Dancing With Wolves

In Chinese Opera there is no scenery other than a table and chair. Stories are told through movement and pantomime. When a new character enters for the first time, it is customary for them to introduce themselves through a poem, and, in the end, everyone recites a valuable lesson. Director and actress Kuang-Yu Fong delivers this disclaimer before Little Red Riding Hood: The Chinese Opera begins. She also tells us that the play will feature a troupe of Beijing and Kun Opera performers who will sing in their native Mandarin but speak in English they only just learned for this show. After delivering this speech, Fong disappears backstage and returns as Little Red.

Little Red Riding Hood: The Chinese Opera, produced by Chinese Theatre Works, re-invents a traditional Western fairy tale in a refreshingly untraditional manner. It features the visual beauty of Chinese Opera with a stunning arrangement of acrobatics and conventional Chinese dance techniques. The Hunter (Hui Zhang) is a martial-arts hero, the Wolf (Zijun Mo) a swift and agile predator and Little Red (Fong), a sweet-faced, sword-wielding warrior.

The fight choreography is fast-paced and dazzling to watch, especially in the theater’s small, intimate space, which is just wide enough to accommodate the actor’s extensive range of movement. Though the floor is made of flat black boards, both Mo and Zhang use it to launch themselves into flips and jumps that reach amazing heights. Zhang manages to twirl several times in the air before landing in a threatening battle stance, his sword poised in an arc above his head.

Wolf is a menacing creature with wide, scowling eyes and a pale white face streaked with thick black stripes. There is a glob of red that starts from his lips and spreads down his chin, giving the impression that he has forgotten to wipe his mouth after his last meal. Upon hearing that Wolf is stalking the roads, Hunter, who has always been afraid of wolves, realizes that now is the time to conquer his fear.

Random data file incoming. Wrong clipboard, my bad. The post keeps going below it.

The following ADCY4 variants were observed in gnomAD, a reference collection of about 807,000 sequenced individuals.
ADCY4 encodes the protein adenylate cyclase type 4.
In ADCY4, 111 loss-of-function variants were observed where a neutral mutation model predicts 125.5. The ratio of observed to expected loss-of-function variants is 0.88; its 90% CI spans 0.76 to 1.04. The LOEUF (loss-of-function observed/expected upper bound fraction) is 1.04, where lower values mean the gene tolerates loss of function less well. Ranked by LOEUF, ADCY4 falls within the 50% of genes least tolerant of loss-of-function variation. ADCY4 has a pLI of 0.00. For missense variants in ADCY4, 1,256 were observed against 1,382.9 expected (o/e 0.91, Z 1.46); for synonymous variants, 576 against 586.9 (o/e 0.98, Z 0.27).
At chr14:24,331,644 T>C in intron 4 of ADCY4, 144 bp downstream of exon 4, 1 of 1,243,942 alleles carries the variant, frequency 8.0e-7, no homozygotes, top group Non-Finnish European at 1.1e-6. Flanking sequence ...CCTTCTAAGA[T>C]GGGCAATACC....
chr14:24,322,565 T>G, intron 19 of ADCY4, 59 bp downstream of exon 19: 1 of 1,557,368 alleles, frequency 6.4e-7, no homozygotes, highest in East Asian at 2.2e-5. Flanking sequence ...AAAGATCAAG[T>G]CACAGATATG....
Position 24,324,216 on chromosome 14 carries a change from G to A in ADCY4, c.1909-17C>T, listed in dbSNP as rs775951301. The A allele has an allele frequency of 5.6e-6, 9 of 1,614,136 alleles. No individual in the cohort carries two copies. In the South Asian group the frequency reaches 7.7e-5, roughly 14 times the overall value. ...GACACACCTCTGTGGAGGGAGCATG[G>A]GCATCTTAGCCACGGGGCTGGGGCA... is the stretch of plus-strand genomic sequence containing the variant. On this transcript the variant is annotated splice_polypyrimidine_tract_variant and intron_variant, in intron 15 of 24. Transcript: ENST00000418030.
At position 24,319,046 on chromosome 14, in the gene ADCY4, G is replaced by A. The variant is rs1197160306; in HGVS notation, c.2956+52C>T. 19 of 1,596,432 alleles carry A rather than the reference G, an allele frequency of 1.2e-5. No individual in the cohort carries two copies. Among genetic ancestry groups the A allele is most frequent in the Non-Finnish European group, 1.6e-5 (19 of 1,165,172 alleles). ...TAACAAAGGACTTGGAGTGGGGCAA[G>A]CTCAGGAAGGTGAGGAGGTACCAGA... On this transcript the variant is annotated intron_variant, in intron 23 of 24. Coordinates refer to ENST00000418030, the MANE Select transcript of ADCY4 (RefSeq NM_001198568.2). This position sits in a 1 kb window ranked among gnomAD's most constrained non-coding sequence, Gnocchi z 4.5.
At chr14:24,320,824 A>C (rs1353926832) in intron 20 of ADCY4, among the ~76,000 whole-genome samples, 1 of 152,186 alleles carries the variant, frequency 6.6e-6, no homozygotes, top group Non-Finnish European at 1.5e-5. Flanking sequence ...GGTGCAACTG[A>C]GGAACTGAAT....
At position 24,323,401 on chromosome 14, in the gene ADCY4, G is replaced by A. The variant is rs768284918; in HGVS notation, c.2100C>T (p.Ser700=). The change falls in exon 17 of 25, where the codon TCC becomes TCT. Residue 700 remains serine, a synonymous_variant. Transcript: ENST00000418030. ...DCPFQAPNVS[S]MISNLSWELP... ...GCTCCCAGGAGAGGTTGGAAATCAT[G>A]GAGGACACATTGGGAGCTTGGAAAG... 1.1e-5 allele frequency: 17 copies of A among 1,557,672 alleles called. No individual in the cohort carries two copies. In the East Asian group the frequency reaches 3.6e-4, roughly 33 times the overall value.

In the meantime, Wolf has set his hungry eyes on Little Red, who skips innocently along the path to her Grandmother’s (Ying Zhang) house. Her Mother (Fanying Meng) has dressed her in a long red cape with flower trim and equipped her with a red-tasseled sword for protection. Referring to Little Red as his “juicy dumpling” Wolf pretends to be a lost and loyal dog to win the girl’s trust. He tricks her into leaving the road to pick flowers, hoping to find an opportunity to eat her in the weeds.

Unfortunately for Wolf, Little Red gives new meaning to the term “fast food.” Every time he is about to pounce on her crouching figure, she springs to her feet in excitement, the tip of her sword accidentally grazing his throat. Wolf decides it will be easier to catch this active young girl unawares at her Grandmother’s house.

With Grandma in peril, Little Red walking naively into a trap, the Hunter prowling the vicinity with his sword, and Wolf bursting in to announce, “I just drop by for dinner,” the scene is set for a climatic confrontation. Mo and Zhang are so dynamic in their own moments that it is easy to imagine the level of spectacular action we will see when their paths cross for this final fight. Both performers deliver on the high expectation.

By the play's end, Hunter learns to conquer his fear, Wolf learns not to eat little girls who are handy with swords, Grandmother learns that it is always good to have a broomstick handy, and Little Red advises us that “A sword means nothing if a person cannot hear a lie from a truth,” wisely adding, “Or tell the difference between a dog and a wolf.”

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